Saturday March 27, 2021 By Dave
How to Handle Text Overflow (with a CSS Ellipsis)

When a string of textual content overflows the boundaries of a container it may make a large number of your complete structure. Right here’s a cool trick to deal with textual content overflow by truncating lengthy strings with a CSS ellipsis.

Textual content Overflow (with a CSS Ellipsis)

Our Overflowing Textual content Demo

Throughout this fast tip we’ll use the next demo to point out how textual content overflow works:

When Textual content is Too Lengthy

Lengthy textual content strings, which don’t have areas and are contained inside one thing that’s not as huge, will naturally overflow past the boundaries of the container (like this e mail handle within the screenshot beneath):

text is too long!

As you’ll be able to see, it makes an actual mess.

Add the CSS Overflow Property

With one easy property we are able to clear this up. By including overflow: hidden; to the paragraph which holds the e-mail handle, we are going to cover something which doesn’t match the container:

overflow: hidden

Solved! We’ve efficiently truncated the lengthy textual content.

Higher Truncation with CSS Ellipsis

Our structure seems to be higher, however it isn’t as sensible. We’ve really made the emails show inaccurately, successfully giving misinformation to the consumer. Nonetheless, by including the text-overflow: ellipsis; rule to our e mail string we’ll get the next:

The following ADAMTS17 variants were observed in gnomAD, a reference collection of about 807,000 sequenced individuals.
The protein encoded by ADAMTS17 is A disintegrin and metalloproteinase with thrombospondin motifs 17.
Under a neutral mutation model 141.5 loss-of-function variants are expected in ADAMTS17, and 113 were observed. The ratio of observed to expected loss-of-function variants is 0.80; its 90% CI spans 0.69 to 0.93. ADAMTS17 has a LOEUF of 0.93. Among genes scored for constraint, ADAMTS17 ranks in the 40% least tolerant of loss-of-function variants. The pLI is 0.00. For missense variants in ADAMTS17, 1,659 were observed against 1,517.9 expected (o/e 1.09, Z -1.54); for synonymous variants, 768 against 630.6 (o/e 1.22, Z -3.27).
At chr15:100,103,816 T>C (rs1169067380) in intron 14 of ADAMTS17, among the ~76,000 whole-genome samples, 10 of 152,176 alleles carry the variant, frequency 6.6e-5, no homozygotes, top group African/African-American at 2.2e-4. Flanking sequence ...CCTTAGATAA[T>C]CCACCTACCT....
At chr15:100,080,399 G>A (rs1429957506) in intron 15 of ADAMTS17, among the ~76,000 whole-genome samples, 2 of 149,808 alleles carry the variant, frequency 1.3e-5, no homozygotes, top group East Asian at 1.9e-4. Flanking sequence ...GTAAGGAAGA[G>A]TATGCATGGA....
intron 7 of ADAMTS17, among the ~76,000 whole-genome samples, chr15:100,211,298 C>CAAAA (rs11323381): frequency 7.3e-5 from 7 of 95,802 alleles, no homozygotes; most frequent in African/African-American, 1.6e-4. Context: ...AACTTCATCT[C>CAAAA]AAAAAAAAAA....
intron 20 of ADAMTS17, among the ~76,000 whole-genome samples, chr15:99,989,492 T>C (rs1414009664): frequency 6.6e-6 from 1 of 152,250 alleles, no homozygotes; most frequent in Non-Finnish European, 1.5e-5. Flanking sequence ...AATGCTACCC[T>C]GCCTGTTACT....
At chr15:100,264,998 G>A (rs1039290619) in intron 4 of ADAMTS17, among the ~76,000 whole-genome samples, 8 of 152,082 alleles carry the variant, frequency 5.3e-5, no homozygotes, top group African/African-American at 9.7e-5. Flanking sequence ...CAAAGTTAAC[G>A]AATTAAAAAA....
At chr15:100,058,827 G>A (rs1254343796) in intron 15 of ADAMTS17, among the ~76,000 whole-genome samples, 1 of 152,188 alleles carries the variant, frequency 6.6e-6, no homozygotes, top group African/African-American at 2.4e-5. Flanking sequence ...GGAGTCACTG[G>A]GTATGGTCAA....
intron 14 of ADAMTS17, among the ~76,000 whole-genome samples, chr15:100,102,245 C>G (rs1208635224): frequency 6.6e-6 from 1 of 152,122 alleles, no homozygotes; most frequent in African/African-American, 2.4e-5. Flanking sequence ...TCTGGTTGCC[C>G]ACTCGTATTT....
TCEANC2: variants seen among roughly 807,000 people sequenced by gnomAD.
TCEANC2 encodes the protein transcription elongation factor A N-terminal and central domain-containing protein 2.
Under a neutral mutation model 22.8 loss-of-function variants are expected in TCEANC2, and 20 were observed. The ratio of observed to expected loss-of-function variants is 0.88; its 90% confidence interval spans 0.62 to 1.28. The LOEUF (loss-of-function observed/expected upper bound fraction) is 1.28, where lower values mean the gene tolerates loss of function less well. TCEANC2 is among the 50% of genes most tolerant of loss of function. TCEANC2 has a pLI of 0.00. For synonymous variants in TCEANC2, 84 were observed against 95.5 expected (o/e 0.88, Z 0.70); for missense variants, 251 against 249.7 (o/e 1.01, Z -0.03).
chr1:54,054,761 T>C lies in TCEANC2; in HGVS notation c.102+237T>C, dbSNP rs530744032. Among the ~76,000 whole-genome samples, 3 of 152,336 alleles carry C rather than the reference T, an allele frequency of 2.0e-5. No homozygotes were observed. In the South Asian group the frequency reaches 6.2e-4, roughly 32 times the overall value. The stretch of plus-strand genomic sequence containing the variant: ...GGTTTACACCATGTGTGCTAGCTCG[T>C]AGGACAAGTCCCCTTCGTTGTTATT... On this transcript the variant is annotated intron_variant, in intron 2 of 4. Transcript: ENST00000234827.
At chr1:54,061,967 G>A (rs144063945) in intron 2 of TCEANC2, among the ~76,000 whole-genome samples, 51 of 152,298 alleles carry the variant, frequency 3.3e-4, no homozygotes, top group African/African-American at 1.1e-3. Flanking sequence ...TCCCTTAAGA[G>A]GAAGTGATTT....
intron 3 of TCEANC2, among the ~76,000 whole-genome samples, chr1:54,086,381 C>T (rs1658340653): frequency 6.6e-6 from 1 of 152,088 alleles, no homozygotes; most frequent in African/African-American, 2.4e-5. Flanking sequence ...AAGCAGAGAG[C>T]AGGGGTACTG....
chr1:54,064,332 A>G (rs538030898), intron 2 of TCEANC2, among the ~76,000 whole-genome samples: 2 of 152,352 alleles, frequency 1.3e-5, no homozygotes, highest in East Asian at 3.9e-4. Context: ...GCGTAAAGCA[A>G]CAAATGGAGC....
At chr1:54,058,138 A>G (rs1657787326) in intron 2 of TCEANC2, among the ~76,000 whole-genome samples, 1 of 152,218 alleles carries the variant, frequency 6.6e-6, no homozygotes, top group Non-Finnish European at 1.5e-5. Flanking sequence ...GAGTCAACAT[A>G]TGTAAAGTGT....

text overflow ellipsis

The ellipsis is the three dots … Now the consumer can see the structure correctly and due to the CSS ellipsis they’re conscious that there’s extra to the e-mail addresses than is being proven.

Notice: this works solely when the overflow and text-overflow properties are used collectively.

Different text-overflow Values

There are different values you should utilize as an alternative of ellipsis:

clip (which is the default worth) successfully cuts the string quick, and can reduce strings mid-character too:

clipped text

fade (which sounds superb, however isn’t remotely supported by any browsers).

" " (an empty string) appends the truncated string with no matter’s outlined and prevents it being reduce off mid-character. This could possibly be "-" for instance, and even text-overflow: " ✁";


Notice: browser assist for these different values isn’t nearly as good as with ellipsis. The screenshots above are from Firefox, however Chrome defaults to clip in these circumstances.


That’s all for this fast tip! Good luck utilizing CSS ellipsis (ellipses?) in your personal net designs.

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